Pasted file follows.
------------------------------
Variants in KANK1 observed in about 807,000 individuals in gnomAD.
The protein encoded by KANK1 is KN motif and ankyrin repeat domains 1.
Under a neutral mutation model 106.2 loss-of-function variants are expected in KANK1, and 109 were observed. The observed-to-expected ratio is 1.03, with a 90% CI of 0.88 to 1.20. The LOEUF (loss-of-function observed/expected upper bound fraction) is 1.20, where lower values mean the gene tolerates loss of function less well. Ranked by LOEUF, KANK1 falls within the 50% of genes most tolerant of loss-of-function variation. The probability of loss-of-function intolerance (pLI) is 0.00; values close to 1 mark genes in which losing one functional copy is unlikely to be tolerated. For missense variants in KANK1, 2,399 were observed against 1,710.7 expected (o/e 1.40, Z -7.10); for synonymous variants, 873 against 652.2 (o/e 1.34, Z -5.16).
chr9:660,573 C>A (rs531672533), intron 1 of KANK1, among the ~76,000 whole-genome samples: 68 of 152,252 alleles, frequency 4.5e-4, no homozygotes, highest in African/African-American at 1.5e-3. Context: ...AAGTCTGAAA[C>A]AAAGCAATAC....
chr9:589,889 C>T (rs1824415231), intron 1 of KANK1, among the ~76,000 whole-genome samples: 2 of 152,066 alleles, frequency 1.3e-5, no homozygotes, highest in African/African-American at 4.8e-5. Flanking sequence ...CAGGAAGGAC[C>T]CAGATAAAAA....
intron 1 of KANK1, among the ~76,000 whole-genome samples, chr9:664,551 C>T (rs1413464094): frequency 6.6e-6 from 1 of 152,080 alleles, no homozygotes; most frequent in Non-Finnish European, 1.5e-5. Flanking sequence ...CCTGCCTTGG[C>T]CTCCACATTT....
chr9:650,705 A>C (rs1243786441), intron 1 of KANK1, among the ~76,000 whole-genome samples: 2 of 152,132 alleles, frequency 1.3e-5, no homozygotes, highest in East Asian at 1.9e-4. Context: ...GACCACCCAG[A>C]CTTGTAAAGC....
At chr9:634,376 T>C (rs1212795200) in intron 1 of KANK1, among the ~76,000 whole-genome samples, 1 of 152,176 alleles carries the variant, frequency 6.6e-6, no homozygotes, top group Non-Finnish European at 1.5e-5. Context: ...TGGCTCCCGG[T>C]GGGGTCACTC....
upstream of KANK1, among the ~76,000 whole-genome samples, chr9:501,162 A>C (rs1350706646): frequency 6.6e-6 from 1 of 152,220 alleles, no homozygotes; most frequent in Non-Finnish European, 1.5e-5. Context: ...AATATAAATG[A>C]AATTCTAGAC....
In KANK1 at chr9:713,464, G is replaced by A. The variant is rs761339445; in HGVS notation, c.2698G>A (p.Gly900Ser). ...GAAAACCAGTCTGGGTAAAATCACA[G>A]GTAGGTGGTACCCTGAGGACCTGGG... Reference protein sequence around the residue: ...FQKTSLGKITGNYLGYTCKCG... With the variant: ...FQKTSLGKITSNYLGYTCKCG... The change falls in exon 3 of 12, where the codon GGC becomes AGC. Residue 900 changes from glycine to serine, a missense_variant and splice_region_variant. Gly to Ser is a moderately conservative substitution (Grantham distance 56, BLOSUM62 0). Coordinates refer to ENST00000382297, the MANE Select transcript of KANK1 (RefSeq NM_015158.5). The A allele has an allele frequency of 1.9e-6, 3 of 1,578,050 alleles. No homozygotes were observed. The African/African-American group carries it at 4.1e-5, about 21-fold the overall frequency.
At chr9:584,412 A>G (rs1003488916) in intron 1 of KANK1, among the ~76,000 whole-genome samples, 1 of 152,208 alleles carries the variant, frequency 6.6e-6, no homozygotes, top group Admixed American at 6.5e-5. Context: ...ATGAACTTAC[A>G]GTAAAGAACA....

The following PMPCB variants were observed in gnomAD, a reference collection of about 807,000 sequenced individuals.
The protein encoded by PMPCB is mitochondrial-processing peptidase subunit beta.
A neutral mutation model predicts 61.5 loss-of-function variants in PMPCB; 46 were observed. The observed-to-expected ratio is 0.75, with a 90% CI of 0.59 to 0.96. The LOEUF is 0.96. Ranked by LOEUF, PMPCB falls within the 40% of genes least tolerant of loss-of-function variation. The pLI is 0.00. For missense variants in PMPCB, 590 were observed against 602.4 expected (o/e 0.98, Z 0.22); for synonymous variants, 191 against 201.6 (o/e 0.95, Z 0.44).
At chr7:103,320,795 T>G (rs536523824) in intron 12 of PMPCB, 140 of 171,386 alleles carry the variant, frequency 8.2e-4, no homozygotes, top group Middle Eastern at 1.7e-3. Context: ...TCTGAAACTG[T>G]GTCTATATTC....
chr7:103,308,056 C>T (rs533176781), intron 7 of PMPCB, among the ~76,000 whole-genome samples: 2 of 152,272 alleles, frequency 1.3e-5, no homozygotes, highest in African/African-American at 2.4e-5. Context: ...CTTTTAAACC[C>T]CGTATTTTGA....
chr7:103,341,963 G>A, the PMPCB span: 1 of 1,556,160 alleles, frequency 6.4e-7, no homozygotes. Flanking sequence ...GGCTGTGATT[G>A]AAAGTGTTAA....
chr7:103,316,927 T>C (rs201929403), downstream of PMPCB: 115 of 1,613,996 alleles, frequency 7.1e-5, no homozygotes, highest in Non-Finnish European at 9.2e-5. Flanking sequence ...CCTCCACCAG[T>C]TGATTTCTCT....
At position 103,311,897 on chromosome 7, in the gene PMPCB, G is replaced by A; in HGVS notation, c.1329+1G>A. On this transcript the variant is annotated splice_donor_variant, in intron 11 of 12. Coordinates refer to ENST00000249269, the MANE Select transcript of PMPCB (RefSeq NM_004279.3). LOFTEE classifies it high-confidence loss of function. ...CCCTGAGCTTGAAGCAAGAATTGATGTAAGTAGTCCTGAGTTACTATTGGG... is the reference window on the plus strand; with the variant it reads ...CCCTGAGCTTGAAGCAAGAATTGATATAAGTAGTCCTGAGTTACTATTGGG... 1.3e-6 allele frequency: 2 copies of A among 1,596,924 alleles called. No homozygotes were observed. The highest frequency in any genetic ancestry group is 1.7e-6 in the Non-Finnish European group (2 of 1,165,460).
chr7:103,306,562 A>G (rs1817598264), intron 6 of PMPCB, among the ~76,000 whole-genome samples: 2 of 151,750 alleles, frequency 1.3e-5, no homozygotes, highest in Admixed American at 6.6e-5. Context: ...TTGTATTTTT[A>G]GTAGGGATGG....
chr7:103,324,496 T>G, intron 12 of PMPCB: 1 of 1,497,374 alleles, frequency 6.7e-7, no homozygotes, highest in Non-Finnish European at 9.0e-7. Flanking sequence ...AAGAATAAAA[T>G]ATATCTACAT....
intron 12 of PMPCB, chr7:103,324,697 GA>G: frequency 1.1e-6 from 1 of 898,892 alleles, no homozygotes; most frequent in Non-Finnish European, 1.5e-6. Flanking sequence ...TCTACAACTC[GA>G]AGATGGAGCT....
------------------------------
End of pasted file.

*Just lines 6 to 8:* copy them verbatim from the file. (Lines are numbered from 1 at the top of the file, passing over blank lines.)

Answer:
intron 1 of KANK1, among the ~76,000 whole-genome samples, chr9:664,551 C>T (rs1413464094): frequency 6.6e-6 from 1 of 152,080 alleles, no homozygotes; most frequent in Non-Finnish European, 1.5e-5. Flanking sequence ...CCTGCCTTGG[C>T]CTCCACATTT....
chr9:650,705 A>C (rs1243786441), intron 1 of KANK1, among the ~76,000 whole-genome samples: 2 of 152,132 alleles, frequency 1.3e-5, no homozygotes, highest in East Asian at 1.9e-4. Context: ...GACCACCCAG[A>C]CTTGTAAAGC....
At chr9:634,376 T>C (rs1212795200) in intron 1 of KANK1, among the ~76,000 whole-genome samples, 1 of 152,176 alleles carries the variant, frequency 6.6e-6, no homozygotes, top group Non-Finnish European at 1.5e-5. Context: ...TGGCTCCCGG[T>C]GGGGTCACTC....